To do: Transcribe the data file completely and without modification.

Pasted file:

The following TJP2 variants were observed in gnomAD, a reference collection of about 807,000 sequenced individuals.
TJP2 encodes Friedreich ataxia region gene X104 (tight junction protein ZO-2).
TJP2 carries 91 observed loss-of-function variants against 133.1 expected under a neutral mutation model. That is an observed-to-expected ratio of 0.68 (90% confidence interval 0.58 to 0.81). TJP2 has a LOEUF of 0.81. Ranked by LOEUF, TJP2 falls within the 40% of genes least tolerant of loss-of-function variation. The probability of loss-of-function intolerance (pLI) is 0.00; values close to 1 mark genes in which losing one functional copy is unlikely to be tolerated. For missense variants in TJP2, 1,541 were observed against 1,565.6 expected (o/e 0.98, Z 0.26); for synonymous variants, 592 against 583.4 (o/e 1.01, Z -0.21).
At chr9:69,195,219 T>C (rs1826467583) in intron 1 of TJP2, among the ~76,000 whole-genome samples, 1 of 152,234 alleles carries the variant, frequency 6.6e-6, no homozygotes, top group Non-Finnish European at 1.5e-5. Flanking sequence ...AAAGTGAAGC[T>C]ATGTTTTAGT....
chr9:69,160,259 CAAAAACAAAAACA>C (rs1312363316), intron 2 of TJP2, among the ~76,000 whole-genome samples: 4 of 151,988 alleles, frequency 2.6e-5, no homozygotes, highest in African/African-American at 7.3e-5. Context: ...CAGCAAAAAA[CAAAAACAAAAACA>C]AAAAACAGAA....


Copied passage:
The following TJP2 variants were observed in gnomAD, a reference collection of about 807,000 sequenced individuals.
TJP2 encodes Friedreich ataxia region gene X104 (tight junction protein ZO-2).
TJP2 carries 91 observed loss-of-function variants against 133.1 expected under a neutral mutation model. That is an observed-to-expected ratio of 0.68 (90% confidence interval 0.58 to 0.81). TJP2 has a LOEUF of 0.81. Ranked by LOEUF, TJP2 falls within the 40% of genes least tolerant of loss-of-function variation. The probability of loss-of-function intolerance (pLI) is 0.00; values close to 1 mark genes in which losing one functional copy is unlikely to be tolerated. For missense variants in TJP2, 1,541 were observed against 1,565.6 expected (o/e 0.98, Z 0.26); for synonymous variants, 592 against 583.4 (o/e 1.01, Z -0.21).
At chr9:69,195,219 T>C (rs1826467583) in intron 1 of TJP2, among the ~76,000 whole-genome samples, 1 of 152,234 alleles carries the variant, frequency 6.6e-6, no homozygotes, top group Non-Finnish European at 1.5e-5. Flanking sequence ...AAAGTGAAGC[T>C]ATGTTTTAGT....
chr9:69,160,259 CAAAAACAAAAACA>C (rs1312363316), intron 2 of TJP2, among the ~76,000 whole-genome samples: 4 of 151,988 alleles, frequency 2.6e-5, no homozygotes, highest in African/African-American at 7.3e-5. Context: ...CAGCAAAAAA[CAAAAACAAAAACA>C]AAAAACAGAA....